26 May 2008

Don't Panic! (Alan Knott-Craig)

Available at all good bookstores, courtesy of Penguin Books South Africa

It was a fresh, new year. The first few days of 2008. Optimism. Promise. Potential. We’d had our well-deserved rests, spend more than we should have and eaten more than we’d thought possible – and the hard work was upon us. But then, the world went dark.

In the midst of the Eskom disaster, climbing interest rates, soaring fuel costs and plummeting property prices, we were all starting to wonder whether the grass wasn’t actually a bit greener in Perth, Toronto, or even sweltering Dallas. We were whining and whinging, albeit by candlelight.

And then, like a friendly virus, Alan Knott-Craig’s reassuring missive began to make its way across the country and soon, across the world. Oh, the power of word of mouth! Don’t panic, it said. See 2008 as a year of opportunity and remember: we’ve had worse, and survived worse, before.

I read it, and felt better. I sent it to everyone I could, and they felt better. Tsotsis started to attack helpless foreigners in the townships and we almost panicked, but didn’t – because we were feeling better. We just did what we could, donated blankets and bought gas.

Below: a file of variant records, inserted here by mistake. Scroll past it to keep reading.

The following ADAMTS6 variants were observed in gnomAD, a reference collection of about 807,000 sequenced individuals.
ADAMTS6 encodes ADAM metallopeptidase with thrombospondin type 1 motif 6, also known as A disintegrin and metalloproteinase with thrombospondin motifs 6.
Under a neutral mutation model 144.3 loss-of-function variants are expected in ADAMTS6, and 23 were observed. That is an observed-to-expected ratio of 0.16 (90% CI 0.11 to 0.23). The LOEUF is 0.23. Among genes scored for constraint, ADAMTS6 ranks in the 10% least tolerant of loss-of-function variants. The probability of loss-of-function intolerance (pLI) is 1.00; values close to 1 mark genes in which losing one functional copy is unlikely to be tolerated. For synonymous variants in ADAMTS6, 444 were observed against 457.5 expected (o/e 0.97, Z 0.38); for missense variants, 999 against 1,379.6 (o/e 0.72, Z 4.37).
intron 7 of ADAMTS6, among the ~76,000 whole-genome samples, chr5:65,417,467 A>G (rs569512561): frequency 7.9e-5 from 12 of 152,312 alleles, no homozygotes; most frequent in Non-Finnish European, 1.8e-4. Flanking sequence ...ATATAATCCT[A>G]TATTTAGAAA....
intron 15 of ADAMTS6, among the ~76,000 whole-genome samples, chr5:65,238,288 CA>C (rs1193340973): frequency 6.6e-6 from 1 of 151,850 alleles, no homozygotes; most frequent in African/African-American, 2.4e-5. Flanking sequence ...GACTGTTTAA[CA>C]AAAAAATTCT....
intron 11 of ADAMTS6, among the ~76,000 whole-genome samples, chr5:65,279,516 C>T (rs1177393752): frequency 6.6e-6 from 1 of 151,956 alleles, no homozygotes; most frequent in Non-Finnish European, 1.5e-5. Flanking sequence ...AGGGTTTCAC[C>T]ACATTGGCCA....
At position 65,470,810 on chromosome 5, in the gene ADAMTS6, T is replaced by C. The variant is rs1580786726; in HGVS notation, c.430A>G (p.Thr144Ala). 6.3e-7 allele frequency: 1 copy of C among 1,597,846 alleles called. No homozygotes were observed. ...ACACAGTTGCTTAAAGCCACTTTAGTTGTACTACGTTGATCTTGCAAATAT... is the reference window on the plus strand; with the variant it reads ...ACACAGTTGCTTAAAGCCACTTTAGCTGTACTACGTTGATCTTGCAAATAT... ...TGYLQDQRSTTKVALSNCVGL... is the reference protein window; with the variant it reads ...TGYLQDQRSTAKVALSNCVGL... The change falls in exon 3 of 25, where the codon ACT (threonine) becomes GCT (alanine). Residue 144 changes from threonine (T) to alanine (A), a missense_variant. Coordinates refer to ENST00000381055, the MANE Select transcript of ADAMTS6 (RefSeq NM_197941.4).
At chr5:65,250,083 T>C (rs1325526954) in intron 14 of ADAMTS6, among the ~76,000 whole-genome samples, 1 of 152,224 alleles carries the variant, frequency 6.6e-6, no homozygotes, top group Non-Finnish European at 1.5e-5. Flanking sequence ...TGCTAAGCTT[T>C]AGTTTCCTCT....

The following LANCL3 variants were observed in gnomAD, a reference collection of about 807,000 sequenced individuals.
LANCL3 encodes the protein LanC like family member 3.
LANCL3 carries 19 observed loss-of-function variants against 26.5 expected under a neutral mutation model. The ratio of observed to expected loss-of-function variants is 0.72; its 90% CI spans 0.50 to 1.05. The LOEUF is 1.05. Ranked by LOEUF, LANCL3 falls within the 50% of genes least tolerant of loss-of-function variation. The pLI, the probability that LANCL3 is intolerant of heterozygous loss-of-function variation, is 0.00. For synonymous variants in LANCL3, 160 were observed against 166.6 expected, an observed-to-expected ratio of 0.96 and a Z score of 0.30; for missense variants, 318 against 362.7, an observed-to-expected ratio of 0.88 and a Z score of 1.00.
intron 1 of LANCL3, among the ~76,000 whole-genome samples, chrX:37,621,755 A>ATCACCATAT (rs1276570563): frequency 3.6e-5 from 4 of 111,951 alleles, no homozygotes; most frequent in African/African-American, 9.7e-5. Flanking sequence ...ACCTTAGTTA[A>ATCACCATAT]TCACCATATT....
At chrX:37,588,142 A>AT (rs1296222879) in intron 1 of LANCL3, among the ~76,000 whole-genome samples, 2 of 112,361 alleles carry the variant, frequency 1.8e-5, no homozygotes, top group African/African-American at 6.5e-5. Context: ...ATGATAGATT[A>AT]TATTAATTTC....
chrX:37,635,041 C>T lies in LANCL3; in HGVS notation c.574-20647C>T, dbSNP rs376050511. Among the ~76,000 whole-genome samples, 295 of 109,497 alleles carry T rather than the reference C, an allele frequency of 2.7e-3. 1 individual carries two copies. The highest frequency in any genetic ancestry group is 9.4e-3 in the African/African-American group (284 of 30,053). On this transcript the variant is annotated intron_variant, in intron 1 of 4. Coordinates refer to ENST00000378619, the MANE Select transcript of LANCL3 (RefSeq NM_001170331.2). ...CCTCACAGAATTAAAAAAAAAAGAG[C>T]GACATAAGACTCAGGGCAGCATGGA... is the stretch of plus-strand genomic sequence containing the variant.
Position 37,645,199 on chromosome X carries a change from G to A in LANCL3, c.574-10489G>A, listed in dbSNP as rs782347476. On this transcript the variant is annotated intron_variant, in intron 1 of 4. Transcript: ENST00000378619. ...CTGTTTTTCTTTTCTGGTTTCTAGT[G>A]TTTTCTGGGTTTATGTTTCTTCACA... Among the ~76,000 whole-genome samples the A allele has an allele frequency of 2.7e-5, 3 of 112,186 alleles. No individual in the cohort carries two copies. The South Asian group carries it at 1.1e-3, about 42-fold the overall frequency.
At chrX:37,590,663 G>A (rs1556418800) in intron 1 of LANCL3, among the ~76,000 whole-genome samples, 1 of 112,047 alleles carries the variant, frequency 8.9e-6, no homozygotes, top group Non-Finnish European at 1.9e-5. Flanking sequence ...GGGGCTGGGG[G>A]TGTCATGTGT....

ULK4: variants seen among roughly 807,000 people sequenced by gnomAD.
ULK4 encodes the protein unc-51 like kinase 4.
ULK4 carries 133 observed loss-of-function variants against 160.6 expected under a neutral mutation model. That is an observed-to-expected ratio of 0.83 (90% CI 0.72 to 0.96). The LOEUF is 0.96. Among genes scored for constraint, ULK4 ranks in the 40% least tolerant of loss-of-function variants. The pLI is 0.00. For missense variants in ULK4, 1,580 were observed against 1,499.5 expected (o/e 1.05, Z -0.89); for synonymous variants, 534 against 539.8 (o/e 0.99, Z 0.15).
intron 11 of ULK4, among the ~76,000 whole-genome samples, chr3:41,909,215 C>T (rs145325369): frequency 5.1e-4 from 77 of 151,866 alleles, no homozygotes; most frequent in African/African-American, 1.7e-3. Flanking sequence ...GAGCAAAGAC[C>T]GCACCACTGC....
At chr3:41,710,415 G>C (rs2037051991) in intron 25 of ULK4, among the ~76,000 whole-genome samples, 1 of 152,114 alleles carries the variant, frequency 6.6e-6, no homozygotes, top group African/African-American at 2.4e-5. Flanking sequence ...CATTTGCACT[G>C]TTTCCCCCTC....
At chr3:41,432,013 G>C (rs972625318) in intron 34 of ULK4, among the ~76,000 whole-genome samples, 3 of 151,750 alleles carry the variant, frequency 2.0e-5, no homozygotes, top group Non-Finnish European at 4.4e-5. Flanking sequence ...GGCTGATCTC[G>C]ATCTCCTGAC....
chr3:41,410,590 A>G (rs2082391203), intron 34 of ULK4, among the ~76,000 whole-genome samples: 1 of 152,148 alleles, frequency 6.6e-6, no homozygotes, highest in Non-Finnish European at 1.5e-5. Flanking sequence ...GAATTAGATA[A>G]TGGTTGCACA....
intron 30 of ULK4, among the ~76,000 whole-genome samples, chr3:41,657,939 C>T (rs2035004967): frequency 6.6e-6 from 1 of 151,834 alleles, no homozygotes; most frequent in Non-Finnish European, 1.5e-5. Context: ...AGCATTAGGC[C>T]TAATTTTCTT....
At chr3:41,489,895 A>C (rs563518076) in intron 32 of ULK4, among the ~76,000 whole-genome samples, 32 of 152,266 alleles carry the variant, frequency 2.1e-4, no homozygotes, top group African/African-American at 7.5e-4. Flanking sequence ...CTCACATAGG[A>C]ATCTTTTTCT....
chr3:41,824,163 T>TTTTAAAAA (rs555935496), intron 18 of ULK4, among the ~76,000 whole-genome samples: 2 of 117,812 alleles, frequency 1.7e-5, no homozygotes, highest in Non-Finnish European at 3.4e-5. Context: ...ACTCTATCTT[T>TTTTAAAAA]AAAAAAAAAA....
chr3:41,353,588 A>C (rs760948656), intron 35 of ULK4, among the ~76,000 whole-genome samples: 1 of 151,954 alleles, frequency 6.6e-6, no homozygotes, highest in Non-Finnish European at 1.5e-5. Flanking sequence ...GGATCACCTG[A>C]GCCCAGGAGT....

The end of this long story is that Alan Knott-Craig’s e-mail has spawned a little book of joy, titled Don’t Panic: a book by South Africans, for South Africans.

The result of South Africans wanting to share their positive messages with the rest of the country, it includes thoughtful contributions from John Robbie, Branko Brkic, Noeleen Maholwana-Sangqu, Chief Rabbi Warren Goldstein, local writers and thinkers, and a whole lot of cheerful kids for whom ‘there’s no place like home…’

It’s upbeat and inspirational. It’s sweet. I liked it. But I am a little disappointed that the original message couldn’t remain just that: a simple piece of writing with a cracker of a message, able to achieve surprise success – without yielding a whole jolly bandwagon.


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